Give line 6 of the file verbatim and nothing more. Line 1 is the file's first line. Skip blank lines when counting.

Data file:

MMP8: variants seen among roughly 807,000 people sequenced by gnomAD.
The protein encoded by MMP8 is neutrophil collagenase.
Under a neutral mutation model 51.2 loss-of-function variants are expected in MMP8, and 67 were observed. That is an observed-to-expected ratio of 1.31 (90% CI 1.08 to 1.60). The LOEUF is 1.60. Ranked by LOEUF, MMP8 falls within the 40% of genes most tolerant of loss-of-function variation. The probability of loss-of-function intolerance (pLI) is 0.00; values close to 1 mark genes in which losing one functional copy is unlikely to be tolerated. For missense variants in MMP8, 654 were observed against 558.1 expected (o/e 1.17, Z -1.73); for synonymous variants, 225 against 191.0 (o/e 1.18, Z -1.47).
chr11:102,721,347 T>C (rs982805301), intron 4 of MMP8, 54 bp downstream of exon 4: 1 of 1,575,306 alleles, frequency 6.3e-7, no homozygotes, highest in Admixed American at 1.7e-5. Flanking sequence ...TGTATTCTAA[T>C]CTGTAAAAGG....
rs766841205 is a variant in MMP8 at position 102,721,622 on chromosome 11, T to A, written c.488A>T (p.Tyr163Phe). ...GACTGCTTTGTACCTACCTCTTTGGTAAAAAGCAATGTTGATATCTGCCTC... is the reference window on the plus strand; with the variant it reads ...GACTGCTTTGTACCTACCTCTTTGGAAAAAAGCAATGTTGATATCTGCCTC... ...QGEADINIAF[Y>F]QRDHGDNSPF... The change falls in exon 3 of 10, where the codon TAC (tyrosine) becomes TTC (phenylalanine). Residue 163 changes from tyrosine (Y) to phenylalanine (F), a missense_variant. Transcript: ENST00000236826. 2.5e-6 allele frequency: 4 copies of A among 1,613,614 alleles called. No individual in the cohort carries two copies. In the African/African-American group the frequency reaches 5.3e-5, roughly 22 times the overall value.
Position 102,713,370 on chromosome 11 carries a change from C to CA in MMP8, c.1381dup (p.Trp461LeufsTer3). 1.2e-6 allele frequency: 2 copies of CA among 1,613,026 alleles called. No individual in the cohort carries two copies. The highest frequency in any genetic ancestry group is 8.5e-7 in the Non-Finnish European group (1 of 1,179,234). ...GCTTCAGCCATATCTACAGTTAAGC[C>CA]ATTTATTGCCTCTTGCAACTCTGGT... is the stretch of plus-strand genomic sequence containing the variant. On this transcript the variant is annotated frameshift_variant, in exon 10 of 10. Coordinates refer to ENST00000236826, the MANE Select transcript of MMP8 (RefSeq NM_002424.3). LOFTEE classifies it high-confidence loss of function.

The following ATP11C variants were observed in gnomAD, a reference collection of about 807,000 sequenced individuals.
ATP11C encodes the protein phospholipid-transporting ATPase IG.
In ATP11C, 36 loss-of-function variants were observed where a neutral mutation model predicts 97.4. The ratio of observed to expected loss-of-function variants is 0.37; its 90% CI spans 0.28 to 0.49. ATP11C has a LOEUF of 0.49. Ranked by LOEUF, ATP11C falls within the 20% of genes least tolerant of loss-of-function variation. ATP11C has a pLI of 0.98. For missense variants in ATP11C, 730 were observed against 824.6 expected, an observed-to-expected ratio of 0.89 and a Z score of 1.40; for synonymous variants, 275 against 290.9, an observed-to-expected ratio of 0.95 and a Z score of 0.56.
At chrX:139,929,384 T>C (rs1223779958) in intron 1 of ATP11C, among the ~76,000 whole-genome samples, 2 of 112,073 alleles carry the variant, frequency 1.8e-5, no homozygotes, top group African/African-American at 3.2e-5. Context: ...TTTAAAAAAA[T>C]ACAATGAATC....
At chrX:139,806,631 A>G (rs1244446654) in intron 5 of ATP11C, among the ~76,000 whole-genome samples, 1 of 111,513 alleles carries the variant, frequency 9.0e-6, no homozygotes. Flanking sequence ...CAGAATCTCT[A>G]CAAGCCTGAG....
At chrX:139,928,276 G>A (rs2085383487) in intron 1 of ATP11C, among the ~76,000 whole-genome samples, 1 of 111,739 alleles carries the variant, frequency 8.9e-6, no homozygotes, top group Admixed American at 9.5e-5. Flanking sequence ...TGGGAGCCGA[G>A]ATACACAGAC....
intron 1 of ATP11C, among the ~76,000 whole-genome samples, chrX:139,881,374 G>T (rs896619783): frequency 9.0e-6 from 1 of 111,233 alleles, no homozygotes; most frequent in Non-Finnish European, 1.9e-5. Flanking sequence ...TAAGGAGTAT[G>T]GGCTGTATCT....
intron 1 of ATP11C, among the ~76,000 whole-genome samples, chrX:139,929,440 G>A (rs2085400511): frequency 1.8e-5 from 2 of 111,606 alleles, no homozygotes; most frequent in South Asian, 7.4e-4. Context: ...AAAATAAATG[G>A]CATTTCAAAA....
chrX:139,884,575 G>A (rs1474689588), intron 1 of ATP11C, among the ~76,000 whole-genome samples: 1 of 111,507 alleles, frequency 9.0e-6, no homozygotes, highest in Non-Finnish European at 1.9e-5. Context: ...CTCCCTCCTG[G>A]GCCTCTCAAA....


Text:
Position 102,713,370 on chromosome 11 carries a change from C to CA in MMP8, c.1381dup (p.Trp461LeufsTer3). 1.2e-6 allele frequency: 2 copies of CA among 1,613,026 alleles called. No individual in the cohort carries two copies. The highest frequency in any genetic ancestry group is 8.5e-7 in the Non-Finnish European group (1 of 1,179,234). ...GCTTCAGCCATATCTACAGTTAAGC[C>CA]ATTTATTGCCTCTTGCAACTCTGGT... is the stretch of plus-strand genomic sequence containing the variant. On this transcript the variant is annotated frameshift_variant, in exon 10 of 10. Coordinates refer to ENST00000236826, the MANE Select transcript of MMP8 (RefSeq NM_002424.3). LOFTEE classifies it high-confidence loss of function.